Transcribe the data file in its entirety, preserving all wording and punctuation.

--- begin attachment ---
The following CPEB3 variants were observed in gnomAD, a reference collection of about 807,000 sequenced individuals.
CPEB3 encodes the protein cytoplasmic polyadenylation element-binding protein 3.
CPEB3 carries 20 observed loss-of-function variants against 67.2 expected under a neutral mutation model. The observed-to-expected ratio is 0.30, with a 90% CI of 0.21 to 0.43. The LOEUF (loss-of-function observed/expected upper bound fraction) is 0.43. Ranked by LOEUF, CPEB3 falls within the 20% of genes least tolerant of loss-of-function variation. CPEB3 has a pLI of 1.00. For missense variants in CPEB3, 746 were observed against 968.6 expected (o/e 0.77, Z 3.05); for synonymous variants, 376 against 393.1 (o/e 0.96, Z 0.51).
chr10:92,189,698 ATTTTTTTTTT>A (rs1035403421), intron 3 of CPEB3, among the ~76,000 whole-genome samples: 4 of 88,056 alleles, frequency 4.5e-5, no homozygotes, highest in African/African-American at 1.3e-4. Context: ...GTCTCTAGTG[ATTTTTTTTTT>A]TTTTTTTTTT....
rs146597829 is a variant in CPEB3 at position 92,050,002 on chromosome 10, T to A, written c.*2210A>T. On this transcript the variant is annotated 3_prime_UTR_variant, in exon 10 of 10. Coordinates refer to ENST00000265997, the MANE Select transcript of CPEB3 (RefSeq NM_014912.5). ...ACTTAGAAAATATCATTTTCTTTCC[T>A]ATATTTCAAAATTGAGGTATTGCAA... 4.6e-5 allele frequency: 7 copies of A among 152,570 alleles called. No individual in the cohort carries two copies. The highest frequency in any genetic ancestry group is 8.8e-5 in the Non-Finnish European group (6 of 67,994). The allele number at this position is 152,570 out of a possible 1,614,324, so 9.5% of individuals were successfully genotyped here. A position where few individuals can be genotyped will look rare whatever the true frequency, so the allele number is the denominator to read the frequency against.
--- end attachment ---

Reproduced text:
The following CPEB3 variants were observed in gnomAD, a reference collection of about 807,000 sequenced individuals.
CPEB3 encodes the protein cytoplasmic polyadenylation element-binding protein 3.
CPEB3 carries 20 observed loss-of-function variants against 67.2 expected under a neutral mutation model. The observed-to-expected ratio is 0.30, with a 90% CI of 0.21 to 0.43. The LOEUF (loss-of-function observed/expected upper bound fraction) is 0.43. Ranked by LOEUF, CPEB3 falls within the 20% of genes least tolerant of loss-of-function variation. CPEB3 has a pLI of 1.00. For missense variants in CPEB3, 746 were observed against 968.6 expected (o/e 0.77, Z 3.05); for synonymous variants, 376 against 393.1 (o/e 0.96, Z 0.51).
chr10:92,189,698 ATTTTTTTTTT>A (rs1035403421), intron 3 of CPEB3, among the ~76,000 whole-genome samples: 4 of 88,056 alleles, frequency 4.5e-5, no homozygotes, highest in African/African-American at 1.3e-4. Context: ...GTCTCTAGTG[ATTTTTTTTTT>A]TTTTTTTTTT....
rs146597829 is a variant in CPEB3 at position 92,050,002 on chromosome 10, T to A, written c.*2210A>T. On this transcript the variant is annotated 3_prime_UTR_variant, in exon 10 of 10. Coordinates refer to ENST00000265997, the MANE Select transcript of CPEB3 (RefSeq NM_014912.5). ...ACTTAGAAAATATCATTTTCTTTCC[T>A]ATATTTCAAAATTGAGGTATTGCAA... 4.6e-5 allele frequency: 7 copies of A among 152,570 alleles called. No individual in the cohort carries two copies. The highest frequency in any genetic ancestry group is 8.8e-5 in the Non-Finnish European group (6 of 67,994). The allele number at this position is 152,570 out of a possible 1,614,324, so 9.5% of individuals were successfully genotyped here. A position where few individuals can be genotyped will look rare whatever the true frequency, so the allele number is the denominator to read the frequency against.